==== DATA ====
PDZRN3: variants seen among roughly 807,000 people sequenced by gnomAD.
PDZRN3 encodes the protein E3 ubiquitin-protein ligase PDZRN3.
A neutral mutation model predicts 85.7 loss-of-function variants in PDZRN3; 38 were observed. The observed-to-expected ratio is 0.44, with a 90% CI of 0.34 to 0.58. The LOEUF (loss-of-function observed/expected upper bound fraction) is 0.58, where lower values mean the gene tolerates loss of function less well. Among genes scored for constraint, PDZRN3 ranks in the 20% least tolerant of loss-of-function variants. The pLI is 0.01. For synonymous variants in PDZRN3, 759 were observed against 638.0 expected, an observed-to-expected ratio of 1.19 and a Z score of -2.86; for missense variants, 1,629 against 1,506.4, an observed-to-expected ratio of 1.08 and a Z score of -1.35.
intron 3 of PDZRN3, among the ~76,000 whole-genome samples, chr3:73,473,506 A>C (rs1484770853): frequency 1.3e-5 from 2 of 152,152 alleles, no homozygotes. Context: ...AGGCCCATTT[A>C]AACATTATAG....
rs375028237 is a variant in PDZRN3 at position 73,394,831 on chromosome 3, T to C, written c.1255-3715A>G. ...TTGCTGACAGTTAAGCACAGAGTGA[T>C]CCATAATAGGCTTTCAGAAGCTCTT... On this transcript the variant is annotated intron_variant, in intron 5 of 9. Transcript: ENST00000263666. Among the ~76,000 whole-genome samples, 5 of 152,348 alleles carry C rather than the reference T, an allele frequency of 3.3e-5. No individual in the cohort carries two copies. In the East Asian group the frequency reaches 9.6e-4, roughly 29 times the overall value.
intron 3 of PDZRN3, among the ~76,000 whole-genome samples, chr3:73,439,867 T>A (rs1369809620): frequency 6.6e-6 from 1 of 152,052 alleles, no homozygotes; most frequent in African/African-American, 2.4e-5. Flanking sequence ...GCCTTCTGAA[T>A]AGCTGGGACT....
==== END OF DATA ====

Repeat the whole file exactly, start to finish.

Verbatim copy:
PDZRN3: variants seen among roughly 807,000 people sequenced by gnomAD.
PDZRN3 encodes the protein E3 ubiquitin-protein ligase PDZRN3.
A neutral mutation model predicts 85.7 loss-of-function variants in PDZRN3; 38 were observed. The observed-to-expected ratio is 0.44, with a 90% CI of 0.34 to 0.58. The LOEUF (loss-of-function observed/expected upper bound fraction) is 0.58, where lower values mean the gene tolerates loss of function less well. Among genes scored for constraint, PDZRN3 ranks in the 20% least tolerant of loss-of-function variants. The pLI is 0.01. For synonymous variants in PDZRN3, 759 were observed against 638.0 expected, an observed-to-expected ratio of 1.19 and a Z score of -2.86; for missense variants, 1,629 against 1,506.4, an observed-to-expected ratio of 1.08 and a Z score of -1.35.
intron 3 of PDZRN3, among the ~76,000 whole-genome samples, chr3:73,473,506 A>C (rs1484770853): frequency 1.3e-5 from 2 of 152,152 alleles, no homozygotes. Context: ...AGGCCCATTT[A>C]AACATTATAG....
rs375028237 is a variant in PDZRN3 at position 73,394,831 on chromosome 3, T to C, written c.1255-3715A>G. ...TTGCTGACAGTTAAGCACAGAGTGA[T>C]CCATAATAGGCTTTCAGAAGCTCTT... On this transcript the variant is annotated intron_variant, in intron 5 of 9. Transcript: ENST00000263666. Among the ~76,000 whole-genome samples, 5 of 152,348 alleles carry C rather than the reference T, an allele frequency of 3.3e-5. No individual in the cohort carries two copies. In the East Asian group the frequency reaches 9.6e-4, roughly 29 times the overall value.
intron 3 of PDZRN3, among the ~76,000 whole-genome samples, chr3:73,439,867 T>A (rs1369809620): frequency 6.6e-6 from 1 of 152,052 alleles, no homozygotes; most frequent in African/African-American, 2.4e-5. Flanking sequence ...GCCTTCTGAA[T>A]AGCTGGGACT....